Long and Short Positions: Guide to Wall Street Lingo
Rather than an instance of duration, long and short positions are a reference to haves and have-nots. They touch on securities an investor really owns versus securities an investor owes. Basically, the terms “short” and “long” denote what “selling” and “buying” do respectively.
- What is a Long Position?
- What is a Short Position?
- What is Hedging?
- What are Call vs. Put Options?
Investors have long positions when they buy and own assets or contracts.
For example, John owns 50 shares of Apple and is said to be long 50 shares. In other words, he has paid the cost of owning the stock. Oftentimes, long positions benefit from appreciation in the price of financial assets or contracts. In the language of Wall Street, we would refer to this position as “bullish”. If John feels bullish about his Apple stock, he expects its price to rise.
Investors experience short positions when they have sold assets that they do not own; or when they write contracts.
If Melissa sold 50 shares of Apple without yet owning those shares, she is said to be short 50 shares. She owes 50 shares at settlement and must fulfill the obligation to purchase them in the market to deliver. This is a “bearish position” where Melissa hopes for the stock value to fall. The less she pays, the more she saves, right?
In trading, one’s profit is another’s loss. This is what we call a “zero-sum game”!
Sometimes, investors are exposed to both long and short positions at the same time. As a result, the risk subsides. We call such market participants hedgers.
The best way to understand hedging is to think of it as a form of insurance. When investors decide to hedge, they insure themselves against a negative event to their finances. It often involves taking an offsetting position in a derivative to balance any gains or losses to the underlying asset.
Suppose that a company called Agroland specializes in producing fertilizers. It has a major contract due in six months with oil being one of its main inputs. The company is worried about the volatility of the oil market and believes that prices may increase substantially soon.
To protect itself from uncertainty, the company buys a six-month futures contract in oil. In this way, even if the commodity experiences a 10 percent price increase, the futures contract will still lock in a rate to offset it.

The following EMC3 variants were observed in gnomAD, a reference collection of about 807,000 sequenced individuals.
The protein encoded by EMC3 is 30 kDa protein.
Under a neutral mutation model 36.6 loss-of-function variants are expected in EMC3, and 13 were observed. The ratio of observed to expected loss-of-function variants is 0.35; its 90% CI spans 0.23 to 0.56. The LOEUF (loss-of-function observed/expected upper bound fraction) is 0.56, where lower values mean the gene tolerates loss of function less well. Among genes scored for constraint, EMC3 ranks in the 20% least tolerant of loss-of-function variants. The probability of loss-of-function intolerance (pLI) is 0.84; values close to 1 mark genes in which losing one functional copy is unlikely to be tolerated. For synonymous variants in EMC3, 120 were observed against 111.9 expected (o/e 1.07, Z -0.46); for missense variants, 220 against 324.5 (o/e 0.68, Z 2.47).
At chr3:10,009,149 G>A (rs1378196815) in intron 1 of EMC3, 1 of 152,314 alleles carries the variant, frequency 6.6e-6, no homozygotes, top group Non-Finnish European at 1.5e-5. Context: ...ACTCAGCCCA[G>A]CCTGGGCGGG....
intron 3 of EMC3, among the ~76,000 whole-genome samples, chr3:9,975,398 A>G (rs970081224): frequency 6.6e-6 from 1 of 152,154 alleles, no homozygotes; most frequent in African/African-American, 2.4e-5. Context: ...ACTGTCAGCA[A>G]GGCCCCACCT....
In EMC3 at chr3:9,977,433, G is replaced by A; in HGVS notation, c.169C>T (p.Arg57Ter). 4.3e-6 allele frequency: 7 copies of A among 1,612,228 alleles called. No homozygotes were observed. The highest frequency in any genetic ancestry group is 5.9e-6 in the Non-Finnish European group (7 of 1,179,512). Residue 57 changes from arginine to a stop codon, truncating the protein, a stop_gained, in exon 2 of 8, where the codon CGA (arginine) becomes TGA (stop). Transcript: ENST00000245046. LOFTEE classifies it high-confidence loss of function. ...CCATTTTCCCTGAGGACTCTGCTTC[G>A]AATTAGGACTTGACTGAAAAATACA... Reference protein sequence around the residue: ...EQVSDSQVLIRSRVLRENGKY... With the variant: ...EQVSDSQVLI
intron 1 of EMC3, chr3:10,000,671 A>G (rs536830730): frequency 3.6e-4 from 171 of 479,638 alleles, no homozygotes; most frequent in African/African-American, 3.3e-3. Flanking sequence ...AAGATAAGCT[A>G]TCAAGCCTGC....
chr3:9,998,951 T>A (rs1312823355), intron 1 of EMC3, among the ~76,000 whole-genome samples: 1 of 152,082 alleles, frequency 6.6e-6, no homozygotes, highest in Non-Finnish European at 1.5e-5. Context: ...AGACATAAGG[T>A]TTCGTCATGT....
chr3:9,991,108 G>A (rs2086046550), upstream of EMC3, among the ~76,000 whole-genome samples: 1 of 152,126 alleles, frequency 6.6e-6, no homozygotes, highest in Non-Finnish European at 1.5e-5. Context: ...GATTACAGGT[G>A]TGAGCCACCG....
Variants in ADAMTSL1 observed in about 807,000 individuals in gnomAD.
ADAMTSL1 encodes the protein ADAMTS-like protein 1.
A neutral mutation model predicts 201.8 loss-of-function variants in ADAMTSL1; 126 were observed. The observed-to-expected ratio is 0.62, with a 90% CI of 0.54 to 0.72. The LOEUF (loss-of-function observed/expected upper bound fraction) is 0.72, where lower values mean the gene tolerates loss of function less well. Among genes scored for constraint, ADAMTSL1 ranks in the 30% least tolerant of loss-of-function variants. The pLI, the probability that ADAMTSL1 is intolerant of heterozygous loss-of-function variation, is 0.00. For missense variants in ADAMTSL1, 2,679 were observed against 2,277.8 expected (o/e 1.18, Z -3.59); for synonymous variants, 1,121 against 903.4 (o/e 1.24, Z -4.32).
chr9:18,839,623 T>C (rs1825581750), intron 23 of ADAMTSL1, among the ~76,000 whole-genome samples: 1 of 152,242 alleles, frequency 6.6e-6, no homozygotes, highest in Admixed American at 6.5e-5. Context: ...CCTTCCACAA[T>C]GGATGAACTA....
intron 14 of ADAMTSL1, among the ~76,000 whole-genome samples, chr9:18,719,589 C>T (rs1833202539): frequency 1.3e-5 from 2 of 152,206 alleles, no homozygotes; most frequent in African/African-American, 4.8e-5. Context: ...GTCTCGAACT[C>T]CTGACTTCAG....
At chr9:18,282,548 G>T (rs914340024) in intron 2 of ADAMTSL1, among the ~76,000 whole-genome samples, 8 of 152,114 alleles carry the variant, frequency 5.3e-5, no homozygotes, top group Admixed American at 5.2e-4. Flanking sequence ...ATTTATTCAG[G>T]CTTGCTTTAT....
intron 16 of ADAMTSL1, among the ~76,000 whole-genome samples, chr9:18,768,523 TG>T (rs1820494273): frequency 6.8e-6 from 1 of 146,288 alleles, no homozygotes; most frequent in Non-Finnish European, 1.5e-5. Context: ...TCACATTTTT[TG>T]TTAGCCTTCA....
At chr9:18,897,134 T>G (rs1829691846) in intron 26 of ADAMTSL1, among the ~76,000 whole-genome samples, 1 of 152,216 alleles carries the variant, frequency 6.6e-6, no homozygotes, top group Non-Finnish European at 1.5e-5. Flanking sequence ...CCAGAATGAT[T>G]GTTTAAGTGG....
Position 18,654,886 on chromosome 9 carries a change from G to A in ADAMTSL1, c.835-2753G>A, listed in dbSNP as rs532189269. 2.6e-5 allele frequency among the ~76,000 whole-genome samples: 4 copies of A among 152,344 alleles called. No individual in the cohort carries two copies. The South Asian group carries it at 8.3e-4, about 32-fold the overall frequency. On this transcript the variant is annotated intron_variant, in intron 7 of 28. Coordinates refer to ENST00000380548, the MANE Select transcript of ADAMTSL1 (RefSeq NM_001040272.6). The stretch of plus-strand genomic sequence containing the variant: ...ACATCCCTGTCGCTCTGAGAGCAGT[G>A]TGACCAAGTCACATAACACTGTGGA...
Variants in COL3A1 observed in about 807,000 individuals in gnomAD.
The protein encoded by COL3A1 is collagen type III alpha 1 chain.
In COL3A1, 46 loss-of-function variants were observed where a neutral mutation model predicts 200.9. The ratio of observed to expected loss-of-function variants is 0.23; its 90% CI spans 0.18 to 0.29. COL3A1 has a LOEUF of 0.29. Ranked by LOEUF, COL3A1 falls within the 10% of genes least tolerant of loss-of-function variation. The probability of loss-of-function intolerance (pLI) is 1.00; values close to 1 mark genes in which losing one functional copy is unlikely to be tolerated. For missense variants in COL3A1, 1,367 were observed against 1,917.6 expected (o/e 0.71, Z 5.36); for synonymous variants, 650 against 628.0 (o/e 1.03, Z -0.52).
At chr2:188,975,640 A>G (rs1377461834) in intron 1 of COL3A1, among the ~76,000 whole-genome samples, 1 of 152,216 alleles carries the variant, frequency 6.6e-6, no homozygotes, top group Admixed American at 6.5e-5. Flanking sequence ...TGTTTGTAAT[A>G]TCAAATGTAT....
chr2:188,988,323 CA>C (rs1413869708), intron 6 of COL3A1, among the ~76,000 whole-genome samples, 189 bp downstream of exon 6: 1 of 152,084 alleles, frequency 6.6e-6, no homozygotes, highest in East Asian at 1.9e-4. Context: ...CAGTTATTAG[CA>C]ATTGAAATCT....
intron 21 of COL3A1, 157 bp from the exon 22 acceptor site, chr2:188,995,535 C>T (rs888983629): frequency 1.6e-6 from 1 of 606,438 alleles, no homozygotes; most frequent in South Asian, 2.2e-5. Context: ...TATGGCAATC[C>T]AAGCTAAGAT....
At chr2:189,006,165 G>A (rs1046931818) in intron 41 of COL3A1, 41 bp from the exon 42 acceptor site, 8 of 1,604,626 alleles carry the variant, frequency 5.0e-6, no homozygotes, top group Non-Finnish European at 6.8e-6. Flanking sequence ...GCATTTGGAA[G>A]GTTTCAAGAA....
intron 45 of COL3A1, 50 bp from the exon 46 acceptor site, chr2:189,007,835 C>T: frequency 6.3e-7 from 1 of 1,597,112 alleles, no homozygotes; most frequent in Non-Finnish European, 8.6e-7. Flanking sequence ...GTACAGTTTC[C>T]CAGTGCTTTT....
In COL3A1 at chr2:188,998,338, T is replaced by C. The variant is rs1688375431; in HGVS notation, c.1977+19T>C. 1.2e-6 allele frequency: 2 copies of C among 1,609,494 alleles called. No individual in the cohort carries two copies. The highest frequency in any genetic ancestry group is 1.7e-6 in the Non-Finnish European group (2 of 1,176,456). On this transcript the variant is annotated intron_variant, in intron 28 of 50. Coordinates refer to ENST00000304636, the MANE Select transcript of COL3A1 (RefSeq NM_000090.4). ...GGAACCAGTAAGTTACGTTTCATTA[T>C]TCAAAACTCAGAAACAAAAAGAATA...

As a rule of thumb, “Hedgers must do in the futures market what they would normally do in the future anyway.” Thus, Agroland must buy oil futures today, so it can reduce the risk of oil price fluctuations tomorrow.
Hedging as a market strategy is just the opposite of speculating. The former relies on reducing risk, while the latter on increasing risk.
Call vs. Put Options
Once in a while, you may find yourself confused as to what position you are holding- a short or a long one. That’s when call options come into play! The best way to understand your position is to adhere to what practitioners say, “The long side always holds the option, and the short side writes the option.”
Let’s give a few more details on that.
Buying a call or a put option is a long position. Here, the investor “holds” the right to buy or sell the underlying asset from the writer at the strike price.
Conversely, when an investor sells a call or put, we say they are short. They “write” the option holder the right to buy or sell the asset.
With some contracts, though, the identification of sides is often arbitrary. Take swaps, for example. Essentially, they are derivative instruments in which two parties agree to exchange cash flows, based on an underlying asset at a future point in time. Usually, we call the side that benefits from an increase in the asset price a “long side”.
So, to recap:
- When an investor buys and owns an asset, they hold a long position. It is another word for stock buying.
- When an investor sells an asset they don’t own, they have a short position. It denotes stock selling.
- When an investor holds both short and long positions, we call them hedgers. Hedging implies simultaneous stock selling and buying.
While learning the Wall Street lingo is certainly useful for understanding key terms in trading and investing, another kind of literacy is required to start making informed investment decisions. The volatile nature of the markets makes it imperative that anyone interested in putting their money out there has a strong grasp of the fundamentals of finance. Secure your finances when investing by gaining a strong grasp of such foundational topics as the time value of money, compounding interest rates, and capital budgeting techniques, with our Finance 101 course.
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